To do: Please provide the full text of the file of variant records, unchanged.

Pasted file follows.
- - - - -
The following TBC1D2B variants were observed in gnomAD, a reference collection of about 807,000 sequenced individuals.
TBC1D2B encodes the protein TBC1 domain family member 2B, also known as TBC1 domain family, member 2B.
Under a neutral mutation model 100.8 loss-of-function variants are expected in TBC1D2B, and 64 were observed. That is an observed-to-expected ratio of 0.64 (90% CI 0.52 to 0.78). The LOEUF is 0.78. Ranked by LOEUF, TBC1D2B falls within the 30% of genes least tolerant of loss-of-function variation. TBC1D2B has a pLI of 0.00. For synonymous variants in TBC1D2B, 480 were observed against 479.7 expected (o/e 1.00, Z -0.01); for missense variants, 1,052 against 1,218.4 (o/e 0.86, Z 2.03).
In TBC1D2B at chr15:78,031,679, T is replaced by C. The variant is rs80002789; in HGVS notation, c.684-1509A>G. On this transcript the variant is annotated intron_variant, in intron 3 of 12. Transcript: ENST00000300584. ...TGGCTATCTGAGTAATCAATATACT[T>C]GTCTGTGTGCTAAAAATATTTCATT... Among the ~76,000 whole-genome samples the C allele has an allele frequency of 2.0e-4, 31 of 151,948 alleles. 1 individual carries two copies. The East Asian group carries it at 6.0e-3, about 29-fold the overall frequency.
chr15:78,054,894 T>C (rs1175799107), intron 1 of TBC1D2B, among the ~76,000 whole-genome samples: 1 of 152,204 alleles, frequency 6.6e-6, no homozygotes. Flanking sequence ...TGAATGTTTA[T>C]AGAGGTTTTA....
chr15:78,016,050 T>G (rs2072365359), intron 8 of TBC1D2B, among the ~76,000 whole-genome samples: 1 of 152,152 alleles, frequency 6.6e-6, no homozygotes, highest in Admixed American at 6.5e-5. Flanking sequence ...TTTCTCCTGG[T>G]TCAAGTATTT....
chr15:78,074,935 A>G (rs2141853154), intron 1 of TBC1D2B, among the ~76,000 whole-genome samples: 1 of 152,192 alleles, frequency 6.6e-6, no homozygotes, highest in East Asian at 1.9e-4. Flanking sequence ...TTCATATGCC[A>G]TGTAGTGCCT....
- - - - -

The following TBC1D2B variants were observed in gnomAD, a reference collection of about 807,000 sequenced individuals.
TBC1D2B encodes the protein TBC1 domain family member 2B, also known as TBC1 domain family, member 2B.
Under a neutral mutation model 100.8 loss-of-function variants are expected in TBC1D2B, and 64 were observed. That is an observed-to-expected ratio of 0.64 (90% CI 0.52 to 0.78). The LOEUF is 0.78. Ranked by LOEUF, TBC1D2B falls within the 30% of genes least tolerant of loss-of-function variation. TBC1D2B has a pLI of 0.00. For synonymous variants in TBC1D2B, 480 were observed against 479.7 expected (o/e 1.00, Z -0.01); for missense variants, 1,052 against 1,218.4 (o/e 0.86, Z 2.03).
In TBC1D2B at chr15:78,031,679, T is replaced by C. The variant is rs80002789; in HGVS notation, c.684-1509A>G. On this transcript the variant is annotated intron_variant, in intron 3 of 12. Transcript: ENST00000300584. ...TGGCTATCTGAGTAATCAATATACT[T>C]GTCTGTGTGCTAAAAATATTTCATT... Among the ~76,000 whole-genome samples the C allele has an allele frequency of 2.0e-4, 31 of 151,948 alleles. 1 individual carries two copies. The East Asian group carries it at 6.0e-3, about 29-fold the overall frequency.
chr15:78,054,894 T>C (rs1175799107), intron 1 of TBC1D2B, among the ~76,000 whole-genome samples: 1 of 152,204 alleles, frequency 6.6e-6, no homozygotes. Flanking sequence ...TGAATGTTTA[T>C]AGAGGTTTTA....
chr15:78,016,050 T>G (rs2072365359), intron 8 of TBC1D2B, among the ~76,000 whole-genome samples: 1 of 152,152 alleles, frequency 6.6e-6, no homozygotes, highest in Admixed American at 6.5e-5. Flanking sequence ...TTTCTCCTGG[T>G]TCAAGTATTT....
chr15:78,074,935 A>G (rs2141853154), intron 1 of TBC1D2B, among the ~76,000 whole-genome samples: 1 of 152,192 alleles, frequency 6.6e-6, no homozygotes, highest in East Asian at 1.9e-4. Flanking sequence ...TTCATATGCC[A>G]TGTAGTGCCT....